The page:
Platt during Winter 1916-17
On the Western Front the winter of 1916/17 has been recorded in history as being one of the harshest of the war. Many Platt soldiers who had survived the Somme now faced a further test of morale and endurance battling the elements in an extreme form of outdoor existence. One man wrote:
The winter was so cold that I felt like crying. In fact the only time… I didn’t actually cry but I’d never felt like it before, not even under shell fire…
If the arctic conditions weren’t enough to contend with, many were still trying to deal with the carnage they had witnessed over the previous six months (and in some cases, longer) so it is unsurprising that, with his spirit broken, one Platt soldier is known to have climbed out of his trench and pace back and forth along the parapet in the hope that he would be shot and put out of his misery. Fortunately he would survive the war, and later tell the story to his children.
Despite the privations of life in the trenches, the troops still found it in themselves to maintain a modicum of good humour. For example, at the end of December, Edward Newman – an artilleryman from Whatcote Cottages who was based in the Armentières sector, sent home the lyrics of a song he composed with his comrades entitled ‘Parody of Never Mind.’
….We sent some old scrap iron to old Fritz, the other day.
Told him that we were sorry, but it had to go his way.
Of course, be did not like it, so he sent us back some Krupp,
And with them he did endeavour our little dug-outs to blow up; And as they screamed, above our heads, We just smiled and simply said:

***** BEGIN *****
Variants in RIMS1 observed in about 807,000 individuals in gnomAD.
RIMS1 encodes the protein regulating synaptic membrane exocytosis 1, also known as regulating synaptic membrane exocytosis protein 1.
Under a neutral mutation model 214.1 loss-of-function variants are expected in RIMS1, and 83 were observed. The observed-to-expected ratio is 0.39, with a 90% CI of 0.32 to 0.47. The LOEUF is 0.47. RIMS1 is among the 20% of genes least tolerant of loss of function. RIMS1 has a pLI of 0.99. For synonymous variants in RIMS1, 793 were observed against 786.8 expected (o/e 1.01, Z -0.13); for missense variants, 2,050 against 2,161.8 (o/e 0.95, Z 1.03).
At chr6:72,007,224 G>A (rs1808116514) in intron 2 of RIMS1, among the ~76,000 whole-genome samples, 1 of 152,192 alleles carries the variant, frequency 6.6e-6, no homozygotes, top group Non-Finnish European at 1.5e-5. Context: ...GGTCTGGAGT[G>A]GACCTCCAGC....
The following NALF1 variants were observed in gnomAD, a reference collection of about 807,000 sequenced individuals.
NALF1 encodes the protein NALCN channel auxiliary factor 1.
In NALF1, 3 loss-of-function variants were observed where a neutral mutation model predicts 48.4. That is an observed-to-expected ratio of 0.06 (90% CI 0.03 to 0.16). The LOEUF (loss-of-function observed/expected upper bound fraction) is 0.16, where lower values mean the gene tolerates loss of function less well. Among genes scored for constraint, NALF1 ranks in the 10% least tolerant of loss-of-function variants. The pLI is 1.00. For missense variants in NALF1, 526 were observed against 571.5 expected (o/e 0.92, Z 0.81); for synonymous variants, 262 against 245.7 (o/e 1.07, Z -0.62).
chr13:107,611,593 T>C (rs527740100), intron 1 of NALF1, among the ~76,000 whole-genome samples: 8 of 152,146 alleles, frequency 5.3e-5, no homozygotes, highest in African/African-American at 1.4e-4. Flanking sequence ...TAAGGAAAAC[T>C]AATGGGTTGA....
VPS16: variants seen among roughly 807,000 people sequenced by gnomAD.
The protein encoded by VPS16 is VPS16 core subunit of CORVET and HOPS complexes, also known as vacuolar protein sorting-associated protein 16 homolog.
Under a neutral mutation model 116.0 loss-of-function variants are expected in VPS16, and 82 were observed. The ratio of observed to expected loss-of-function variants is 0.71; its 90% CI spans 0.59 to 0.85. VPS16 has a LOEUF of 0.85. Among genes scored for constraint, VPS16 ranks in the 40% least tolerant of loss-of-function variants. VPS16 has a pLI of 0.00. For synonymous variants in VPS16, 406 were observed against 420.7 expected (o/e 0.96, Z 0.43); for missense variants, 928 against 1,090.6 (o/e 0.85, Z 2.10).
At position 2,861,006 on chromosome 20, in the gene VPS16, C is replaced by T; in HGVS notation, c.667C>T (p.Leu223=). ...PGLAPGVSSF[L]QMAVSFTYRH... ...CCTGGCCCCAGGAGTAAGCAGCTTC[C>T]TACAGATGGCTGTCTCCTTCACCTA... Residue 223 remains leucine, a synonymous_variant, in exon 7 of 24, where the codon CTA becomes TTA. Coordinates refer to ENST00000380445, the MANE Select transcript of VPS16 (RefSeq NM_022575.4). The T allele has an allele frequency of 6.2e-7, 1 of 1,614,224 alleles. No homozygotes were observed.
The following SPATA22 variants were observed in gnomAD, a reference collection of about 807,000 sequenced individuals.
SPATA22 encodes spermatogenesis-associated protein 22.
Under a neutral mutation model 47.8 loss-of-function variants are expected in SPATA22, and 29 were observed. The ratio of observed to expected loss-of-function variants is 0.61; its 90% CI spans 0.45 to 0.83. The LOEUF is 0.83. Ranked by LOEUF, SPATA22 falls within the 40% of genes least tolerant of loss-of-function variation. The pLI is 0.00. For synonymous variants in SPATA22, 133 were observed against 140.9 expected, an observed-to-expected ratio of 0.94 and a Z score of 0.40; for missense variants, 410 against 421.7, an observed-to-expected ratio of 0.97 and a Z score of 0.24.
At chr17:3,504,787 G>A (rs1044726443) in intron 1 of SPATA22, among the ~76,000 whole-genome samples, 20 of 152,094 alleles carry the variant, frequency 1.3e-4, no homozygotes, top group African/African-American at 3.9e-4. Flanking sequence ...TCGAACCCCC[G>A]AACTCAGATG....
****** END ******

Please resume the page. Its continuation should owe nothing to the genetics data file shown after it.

Tho’ the whizz-bangs still come over, Never mind;
Tho’ the Krupps are rather late, Never mind….
On the Home Front, conditions were also severe, with heavy snow falling steadily on Platt throughout December, and following a brief period of milder temperatures around new year, returning in mid-January to continue until early April. Local businesses suffered, and daily life frequently came to a standstill during some of the more substantial blizzards. Platt Woods, which had back-dropped the village but was felled for the war effort during 1916, now resembled a scarred battlefield, with stumps and fractured trunks littering the denuded woodland. It would recover, but at the time the empty vista must have served as a constant reminder that the war was never very far away from the community.
On 19th December, following an outbreak of measles, the Medical Officer for Health closed Platt School until the new year. It eventually re-opened on 24th January with 29 children recorded as being absent. Attendance remained poor for the rest of the winter, with many pupils suffering with coughs and colds, and on several occasions the school was forced to close altogether due to the continuing bad weather. In addition to these interruptions, the school day ended early to allow the caretaker to clean the classrooms in daylight and avoid using the lights, which cost money to power.
In some of the darkest days of the war for the country one can only imagine what the mood in the parish was like during that winter. The hopes that the ‘Big Push’ in 1916 would eventually break the deadlock in France and Flanders had been shattered, and in 1917 Platt would see its costliest year in terms of soldiers killed or wounded. Local men were scattered throughout all the various theatres of war, and took part in many of the major military campaigns.
In 2017, as Britain (and the world) embarks on a particularly uncertain twelve months, it is perhaps worth casting our minds back to those who lived in our community a century ago, and take inspiration from the considerable courage and tenacity they possessed when faced with an ongoing of series of unimaginable challenges.